Monday, July 16, 2007

New York Congestion Pricing

I think Mayor Michael Bloomberg has the right idea when he discusses his plan for congestion pricing. I believe he is sincere in his desire to make New York a better city and to make New York a "greener" city.

Following London's 2002 plan of charging money to drive your car into Central London, the most congested part of the city, Bloomberg thinks an eight dollar fee will help raise funds to make New York greener and prevent drivers from entering lower Manhattan (that is, below 86th Street).

Bloomberg uses the rhetoric of public transportation as a solution for New York's commuter woes. He is right to do this. Despite the best efforts of conservative apologists for America's failed market system, urban public transportation still exists. If it was funded per capita at the same levels as airports, highways, war, or corporate subsidies, our transportation systems might be the envy of the world.

Sadly, however, conservatives and market apologists running America (from Hillary Clinton to George W Bush from Michael Bloomberg to Mitt Romney) see development of public transportation not as an opportunity to make our nation better, cleaner, and stronger, they see it as an opportunity for profiteering by friends who will place them in paying positions on the boards of their companies. They see it as an opportunity to bilk the taxpayers out of billions.

Bloomberg constantly talks about the subway being a viable alternative to driving in New York. Bloomberg has clearly never tried to get from an office in Manhattan to an apartment in central Brooklyn after seven in the evening; he has never tried to go to the opera or theater from an outer borough and then get home before dawn; he has never seen the filth in which the subway operates since all the cleaning contracts were privatized. If Bloomberg were forced to use the subway to get around town, I think he would be singing a very different song about it being a viable transportation alternative for New Yorkers.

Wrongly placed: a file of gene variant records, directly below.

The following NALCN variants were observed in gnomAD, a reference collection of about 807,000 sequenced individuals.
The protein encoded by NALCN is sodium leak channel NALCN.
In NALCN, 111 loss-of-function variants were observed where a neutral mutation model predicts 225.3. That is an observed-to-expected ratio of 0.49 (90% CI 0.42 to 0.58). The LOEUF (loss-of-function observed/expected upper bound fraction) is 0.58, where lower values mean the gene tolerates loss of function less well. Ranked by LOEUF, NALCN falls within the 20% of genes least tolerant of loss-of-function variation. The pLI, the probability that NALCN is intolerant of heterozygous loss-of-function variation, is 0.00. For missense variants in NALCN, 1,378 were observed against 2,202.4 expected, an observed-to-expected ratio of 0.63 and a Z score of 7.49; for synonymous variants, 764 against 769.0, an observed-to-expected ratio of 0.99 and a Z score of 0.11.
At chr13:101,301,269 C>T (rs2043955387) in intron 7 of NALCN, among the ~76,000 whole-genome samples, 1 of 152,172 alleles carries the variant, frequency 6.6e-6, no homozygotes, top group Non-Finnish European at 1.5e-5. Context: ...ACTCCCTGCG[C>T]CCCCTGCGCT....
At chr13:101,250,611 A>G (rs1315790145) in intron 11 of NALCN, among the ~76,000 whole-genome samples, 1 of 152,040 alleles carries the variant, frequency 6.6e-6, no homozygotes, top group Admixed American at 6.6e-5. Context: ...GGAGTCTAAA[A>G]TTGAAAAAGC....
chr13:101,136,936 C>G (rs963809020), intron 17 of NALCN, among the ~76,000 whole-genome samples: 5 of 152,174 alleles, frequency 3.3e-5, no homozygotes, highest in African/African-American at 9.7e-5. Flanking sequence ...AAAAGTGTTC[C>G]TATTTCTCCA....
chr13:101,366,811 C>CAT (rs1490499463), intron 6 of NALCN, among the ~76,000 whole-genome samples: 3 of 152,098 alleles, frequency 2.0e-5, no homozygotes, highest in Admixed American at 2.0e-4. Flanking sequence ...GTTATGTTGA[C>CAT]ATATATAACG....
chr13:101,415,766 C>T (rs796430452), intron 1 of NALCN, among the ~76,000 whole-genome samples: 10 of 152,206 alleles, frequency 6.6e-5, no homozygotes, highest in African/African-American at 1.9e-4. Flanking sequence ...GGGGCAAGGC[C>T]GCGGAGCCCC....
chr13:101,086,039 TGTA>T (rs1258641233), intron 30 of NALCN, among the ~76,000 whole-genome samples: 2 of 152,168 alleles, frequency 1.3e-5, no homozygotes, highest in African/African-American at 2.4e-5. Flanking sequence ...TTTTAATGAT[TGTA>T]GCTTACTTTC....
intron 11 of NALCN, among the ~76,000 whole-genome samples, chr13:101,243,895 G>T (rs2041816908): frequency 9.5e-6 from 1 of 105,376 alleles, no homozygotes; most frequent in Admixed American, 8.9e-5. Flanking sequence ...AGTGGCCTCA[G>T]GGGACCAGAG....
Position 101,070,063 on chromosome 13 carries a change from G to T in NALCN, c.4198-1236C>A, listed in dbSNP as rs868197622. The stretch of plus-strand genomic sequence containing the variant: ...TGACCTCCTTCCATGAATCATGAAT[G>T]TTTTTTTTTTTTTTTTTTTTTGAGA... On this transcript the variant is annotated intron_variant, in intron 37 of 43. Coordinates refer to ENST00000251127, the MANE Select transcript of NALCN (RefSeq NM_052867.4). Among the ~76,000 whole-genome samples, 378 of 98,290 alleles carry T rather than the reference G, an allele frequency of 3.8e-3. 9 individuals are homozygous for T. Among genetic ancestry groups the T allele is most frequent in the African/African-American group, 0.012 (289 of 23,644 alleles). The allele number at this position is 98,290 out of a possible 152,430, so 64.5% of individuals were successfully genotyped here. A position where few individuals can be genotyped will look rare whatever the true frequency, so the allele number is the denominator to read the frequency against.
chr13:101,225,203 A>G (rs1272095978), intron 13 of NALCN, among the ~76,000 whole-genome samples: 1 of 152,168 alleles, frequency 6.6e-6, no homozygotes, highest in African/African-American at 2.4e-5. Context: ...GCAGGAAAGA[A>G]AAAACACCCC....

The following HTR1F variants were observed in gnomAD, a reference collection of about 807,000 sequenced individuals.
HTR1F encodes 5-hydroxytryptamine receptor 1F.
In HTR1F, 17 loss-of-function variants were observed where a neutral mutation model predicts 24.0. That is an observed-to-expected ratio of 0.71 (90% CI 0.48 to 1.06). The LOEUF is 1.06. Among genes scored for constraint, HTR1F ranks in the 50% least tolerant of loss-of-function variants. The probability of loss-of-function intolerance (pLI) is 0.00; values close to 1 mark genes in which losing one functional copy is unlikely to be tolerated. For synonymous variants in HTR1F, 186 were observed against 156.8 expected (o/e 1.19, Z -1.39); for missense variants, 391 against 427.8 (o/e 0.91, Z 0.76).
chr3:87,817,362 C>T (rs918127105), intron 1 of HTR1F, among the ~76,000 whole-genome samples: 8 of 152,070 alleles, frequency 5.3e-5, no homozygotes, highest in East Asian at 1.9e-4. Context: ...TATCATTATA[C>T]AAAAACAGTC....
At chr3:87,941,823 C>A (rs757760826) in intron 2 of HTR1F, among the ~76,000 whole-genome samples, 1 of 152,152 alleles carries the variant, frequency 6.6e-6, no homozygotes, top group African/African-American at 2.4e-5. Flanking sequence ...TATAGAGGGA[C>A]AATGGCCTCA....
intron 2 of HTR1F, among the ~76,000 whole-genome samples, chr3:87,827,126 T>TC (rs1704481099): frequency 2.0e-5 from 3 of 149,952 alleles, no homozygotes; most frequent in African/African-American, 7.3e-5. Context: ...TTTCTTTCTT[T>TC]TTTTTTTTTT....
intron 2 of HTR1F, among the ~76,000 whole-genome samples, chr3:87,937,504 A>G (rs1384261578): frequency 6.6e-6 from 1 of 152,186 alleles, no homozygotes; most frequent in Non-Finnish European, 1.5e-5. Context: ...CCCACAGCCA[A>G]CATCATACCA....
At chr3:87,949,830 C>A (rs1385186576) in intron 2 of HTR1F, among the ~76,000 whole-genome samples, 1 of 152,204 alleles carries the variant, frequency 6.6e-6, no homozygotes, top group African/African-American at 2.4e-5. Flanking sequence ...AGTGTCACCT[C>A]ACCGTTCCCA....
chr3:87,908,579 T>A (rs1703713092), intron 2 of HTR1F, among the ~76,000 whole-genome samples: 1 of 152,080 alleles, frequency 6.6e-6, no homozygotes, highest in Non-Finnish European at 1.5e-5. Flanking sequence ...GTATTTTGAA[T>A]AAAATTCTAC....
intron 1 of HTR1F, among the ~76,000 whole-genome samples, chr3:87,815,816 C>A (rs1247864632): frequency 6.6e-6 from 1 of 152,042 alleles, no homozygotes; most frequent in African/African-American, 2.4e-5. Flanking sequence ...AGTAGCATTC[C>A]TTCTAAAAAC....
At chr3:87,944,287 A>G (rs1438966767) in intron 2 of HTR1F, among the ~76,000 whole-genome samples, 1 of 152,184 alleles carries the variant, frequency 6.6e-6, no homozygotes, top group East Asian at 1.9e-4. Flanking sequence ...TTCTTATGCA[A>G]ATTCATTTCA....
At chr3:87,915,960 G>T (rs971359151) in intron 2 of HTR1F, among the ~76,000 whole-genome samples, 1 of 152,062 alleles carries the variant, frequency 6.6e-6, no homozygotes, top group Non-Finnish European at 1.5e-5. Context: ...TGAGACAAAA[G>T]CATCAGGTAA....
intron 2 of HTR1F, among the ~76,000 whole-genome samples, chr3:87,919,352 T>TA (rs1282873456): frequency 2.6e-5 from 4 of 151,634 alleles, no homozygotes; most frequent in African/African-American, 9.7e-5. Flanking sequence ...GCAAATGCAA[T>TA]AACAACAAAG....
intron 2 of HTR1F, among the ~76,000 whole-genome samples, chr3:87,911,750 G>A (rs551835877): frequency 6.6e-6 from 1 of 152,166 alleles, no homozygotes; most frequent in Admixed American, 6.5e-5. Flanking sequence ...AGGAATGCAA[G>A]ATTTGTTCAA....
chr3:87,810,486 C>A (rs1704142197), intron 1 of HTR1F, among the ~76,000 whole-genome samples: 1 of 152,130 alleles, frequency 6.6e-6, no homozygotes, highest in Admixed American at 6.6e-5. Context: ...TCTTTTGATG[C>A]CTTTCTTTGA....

If Bloomberg sincerely wants to make public transportation work, I beg him to try these experiments for three months before sitting with a bunch of suburbanites and chauffeured officials to devise a plan:

Commute from Bay Ridge to the Citigroup Building at E 53rd Street & Lexington Avenue five days in a row.

On the Tuesday of that week, work until eight o'clock in the evening and then commute home.

On Thursday of that week, arrive at the office at seven in the morning for an early telephone conference.

On a Saturday evening, take your date from Borough Park to Lincoln Center for the opera. Include dinner and a drink afterwards and then go home.

On a Friday night, stay in the city after work, meet friends for dinner, drinks and a rock show in the East Village. When the band has finished, have one more drink, then take public transportation home to Ozone Park.

On a weekend morning, take public transportation from an address in Queens to visit a friend in Riverdale. Get back to us on how long that takes.

Leave an apartment in the Upper East Side to attend a birthday party in Brooklyn, then take the public transportation home again, and post the total time it takes as a Comment on this blog.

Get from any borough, including Manhattan, to an address in Travis, Staten Island, only using public transportation.

During any of these trips, please pay special attention to the following: the filth on the subway cars, the climate control on the buses, the filth on the subway platforms, the "strawberry" room deodorizer used to mask the filth that nobody has cleaned, the lack of announcements, the manners of the token booth workers, the driver, conductors, and inspectors, and then publish those findings n the Times.

Do all of this without your press handlers, and transit czars, and lackeys who make New York City work for you.

You see, Mayor, the City has gone to crap under your reign. I like you and I want you to succeed, but the City is filthy and the trains aren't running properly. Your ideas sound lovely, but you should get New York City to work properly before you start to "improve" it with a congestion tax.

Get out on the streets (and into the subways), your honor, without your handlers and get an idea of how the city really works.

Dick Mac Recommends:

Sometime in New York City
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1 comment:

Liz said...

The difference between Bloomberg and London's mayor (who I have no time for personally) Ken Livingstone is that Ken actually travels on the Tube every day. He makes a point of doing so. He knows the failings of it.

But what can you do with such a poor system not even designed as public transport like your subway? The Tube could be the greatest underground contruction on earth and it still struggles. What chance do you have with an inflated private railroad? It would take billions to make the subway all the things you want. Prices, already modest, imo, would double, and who would pay that?

It's 24 hours so when would it close for the extensive renovations it needs? It's more of a job than one mayor can handle. The Tube is not perfect and god knows, August in 100 degree heat with no air con is sickeningly unpleasant but compared to the subway it runs ever so well.

L x